We have a new dining room floor, and it's made out of papier-mâché!
(Or, if you prefer words without fun marks and unamerican spellings: paper mache. Either way, that term means "chewed paper." Delicious.)
Ingredients: paper, Elmer's glue, water, polyurethane, two participants game enough to spend a couple of weeks on their hands and knees. Total cost of this floor: around $150.
What was wrong with our dining room floor? It was covered with a greige carpet that had seen one too many special-needs cats named Bun, and believe us, it had to go. We've hated it so much that we avoided photographing it at all costs, and we've spent over a year trying to figure out what to do with it. One option: tiles, but that would have been very expensive and time-consuming on such a big area.
We were stumped until Jeff came across this blog written by a woman who had given her craft room floor a makeover using glue, dye, water, and paper bags. Please click that link and take a look at her amazing floor--it looks like leather! We wanted to do something similar with our 300 square foot dining room.
So we did a test run on a scrap board following her instructions. Instead of paper bags, we used a roll of something called builder's paper, which has a similar texture and color. I spotted it at Walmart when we were looking for brown liquid Rit dye (which they had) and glue (which they had in small bottles but not gallons). You can see the paper here.
Jeff tore a few irregular pieces, wadded them up, and dipped them in a 50-50 mixture of glue and water and a small amount of brown dye.
The mixture looked purple when the dye was added--the blog assured us that it would dry brown.
Here's a close-up of the veining action.
Since the dye was only a couple of dollars per bottle, we experimented with black, too.
We stripped the floor of its carpet, and Jeff patched the cracks between the floor boards with Durham's Rock Hard Water Putty. Looking back, he wishes that he would have put down luan for a smoother result, but I still think our end product looks fantastic and very natural.
After thinking it over for a few days, Jeff and I decided to go with the brown dye option, and we spent over an hour tearing the builder's paper into irregular shapes, each about a foot across. We sorted them out and wadded them up: some had straight edges, which we would use for the perimeter of the floor, and others were 100 percent irregular, which we'd use for the middle.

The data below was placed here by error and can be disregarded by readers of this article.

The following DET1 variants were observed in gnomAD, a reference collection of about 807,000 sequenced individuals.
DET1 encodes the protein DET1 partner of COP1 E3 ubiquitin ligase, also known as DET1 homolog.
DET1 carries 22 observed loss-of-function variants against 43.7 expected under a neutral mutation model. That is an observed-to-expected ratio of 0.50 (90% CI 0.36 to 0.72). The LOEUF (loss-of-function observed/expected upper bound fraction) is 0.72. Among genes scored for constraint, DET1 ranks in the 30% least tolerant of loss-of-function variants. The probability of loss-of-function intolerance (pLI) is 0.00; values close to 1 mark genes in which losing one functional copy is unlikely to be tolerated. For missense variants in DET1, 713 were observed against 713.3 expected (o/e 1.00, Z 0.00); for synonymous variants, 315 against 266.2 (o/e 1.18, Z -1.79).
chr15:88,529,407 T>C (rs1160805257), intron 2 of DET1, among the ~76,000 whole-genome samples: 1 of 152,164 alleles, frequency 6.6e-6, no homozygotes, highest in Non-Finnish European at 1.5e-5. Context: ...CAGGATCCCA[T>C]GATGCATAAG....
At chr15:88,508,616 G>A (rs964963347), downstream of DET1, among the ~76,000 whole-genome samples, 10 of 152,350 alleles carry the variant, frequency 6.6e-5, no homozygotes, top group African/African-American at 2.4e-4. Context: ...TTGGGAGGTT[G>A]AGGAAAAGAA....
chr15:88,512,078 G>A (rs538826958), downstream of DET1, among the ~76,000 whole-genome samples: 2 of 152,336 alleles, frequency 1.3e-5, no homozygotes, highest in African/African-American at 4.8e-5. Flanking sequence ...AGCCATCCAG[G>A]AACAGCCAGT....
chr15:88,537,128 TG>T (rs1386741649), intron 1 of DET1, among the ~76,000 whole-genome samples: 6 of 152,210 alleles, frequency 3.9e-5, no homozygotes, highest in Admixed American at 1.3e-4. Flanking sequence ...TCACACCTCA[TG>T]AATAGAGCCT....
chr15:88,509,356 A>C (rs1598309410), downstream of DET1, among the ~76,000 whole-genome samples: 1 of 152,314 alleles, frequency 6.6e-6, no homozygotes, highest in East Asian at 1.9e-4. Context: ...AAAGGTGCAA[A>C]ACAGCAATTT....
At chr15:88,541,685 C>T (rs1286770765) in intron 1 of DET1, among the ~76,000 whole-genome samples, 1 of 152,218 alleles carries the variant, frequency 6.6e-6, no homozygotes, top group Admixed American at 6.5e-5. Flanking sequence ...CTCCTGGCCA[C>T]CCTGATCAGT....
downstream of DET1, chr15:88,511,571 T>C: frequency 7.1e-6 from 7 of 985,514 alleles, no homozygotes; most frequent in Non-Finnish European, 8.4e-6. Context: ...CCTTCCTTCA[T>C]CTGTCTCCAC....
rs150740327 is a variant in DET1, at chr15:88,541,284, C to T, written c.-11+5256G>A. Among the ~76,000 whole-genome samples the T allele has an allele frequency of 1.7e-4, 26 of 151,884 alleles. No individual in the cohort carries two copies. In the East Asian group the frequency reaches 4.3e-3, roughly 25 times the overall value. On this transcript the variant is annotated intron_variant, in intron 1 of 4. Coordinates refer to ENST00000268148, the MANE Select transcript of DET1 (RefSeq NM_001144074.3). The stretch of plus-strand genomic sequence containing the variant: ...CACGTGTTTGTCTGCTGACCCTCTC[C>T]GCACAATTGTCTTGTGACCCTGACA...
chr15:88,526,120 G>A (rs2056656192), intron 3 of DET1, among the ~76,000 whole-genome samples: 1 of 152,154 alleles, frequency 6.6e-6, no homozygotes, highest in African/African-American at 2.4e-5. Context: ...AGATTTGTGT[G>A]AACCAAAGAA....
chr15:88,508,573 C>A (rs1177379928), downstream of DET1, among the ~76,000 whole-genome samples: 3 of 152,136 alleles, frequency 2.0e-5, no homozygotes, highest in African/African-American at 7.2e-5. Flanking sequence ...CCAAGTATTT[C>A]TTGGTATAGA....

The cats were, of course, intrigued by the piles of paper, and Quixote dove into them with gusto.
We began working the next morning. I handled the perimeter, and Jeff took on the heavy traffic area near the kitchen. It was certainly looking purple and a lot darker/sloppier than we thought, but we soldiered on into the early afternoon. Realizing that we needed more paper, latex gloves, and perhaps a couple more gallons of glue (which we found at Lowe's), we did a quick supply run. Once home, we worked for a few more hours before calling it a day.
(Photo explanation: do you watch Gold Rush on the Discovery Channel? We're crazy about the show, and I like to call it "But There's A Problem" because those poor guys are always hitting snags. Apparently mining for gold is not as easy as you might think!
Jeff has this to say: Yes, gold mining is hard, but, ack, these guys need someone with project management experience. If once again I have to watch Todd--shown above--force them to make a choice between option A and option B when both options could be done in parallel, I'm gonna 'splode!)
Back to our floor. BUT THERE WAS A PROBLEM. The border between the morning stuff and the afternoon stuff was majorly noticeable thanks to overlapping dye. The blog we had read dealt with a tiny floor that could be covered within a few hours. We needed at least a few days. I could just barely live with the line of demarcation, but Jeff didn't like it, and we went to bed feeling kind of bad. How to solve this?
Knowing that the dye was the problem, we tried a test patch using just paper, glue, and water. And we concluded--joyfully--that it looked a lot better than the dyed areas and worked beautifully with our walls. It was also easier to do and wouldn't stain our hands and clothing! We started over.
This is Jeff's traffic area. As he covered the original purple-brown layer, he loved the way it was shaping up. Those veins and little capillaries made the paper resemble stone. Here's Jeff demonstrating the process.
As you can see, a certain amount of wringing-out happens after the paper is dipped in the water-glue. Each new piece overlaps the previous ones by at least a half-inch. Then, using the side of his hand, Jeff attempts to smooth out the paper as much as possible, eliminating any air pockets. Then he takes a paper towel and gently blots the excess glue.
A certain amount of creativity and problem-solving is also involved. What kind of shape will work best in the space? Jeff and I even attempted to create follow-throughs with the paper, where one edge would blend into another, or corners would meet in a pleasing way, but this isn't necessary. No matter what you do, this will look inexplicably random and natural, and you will feel like you deserve an honorary M.F.A. degree in papier-mâché.
We allowed the floor to dry for a few days--probably longer than was necessary, but we didn't want to take any chances. Our cats were confused: why was half of the house inaccessible? Why was the giant screen blocking the dining room entrance? UNFAIR.
Finally, to protect and seal the floor, we applied six coats of water-based polyurethane using paint brushes, one coat per day. This became increasingly easy and fast with each new layer of poly, and by the time the final one was dry, we felt like we could roller-skate on it. Then we moved all of our furniture back once we were certain that it was completely dry (that dining room table is no joke). Once again, here's the finished papier-mâché floor!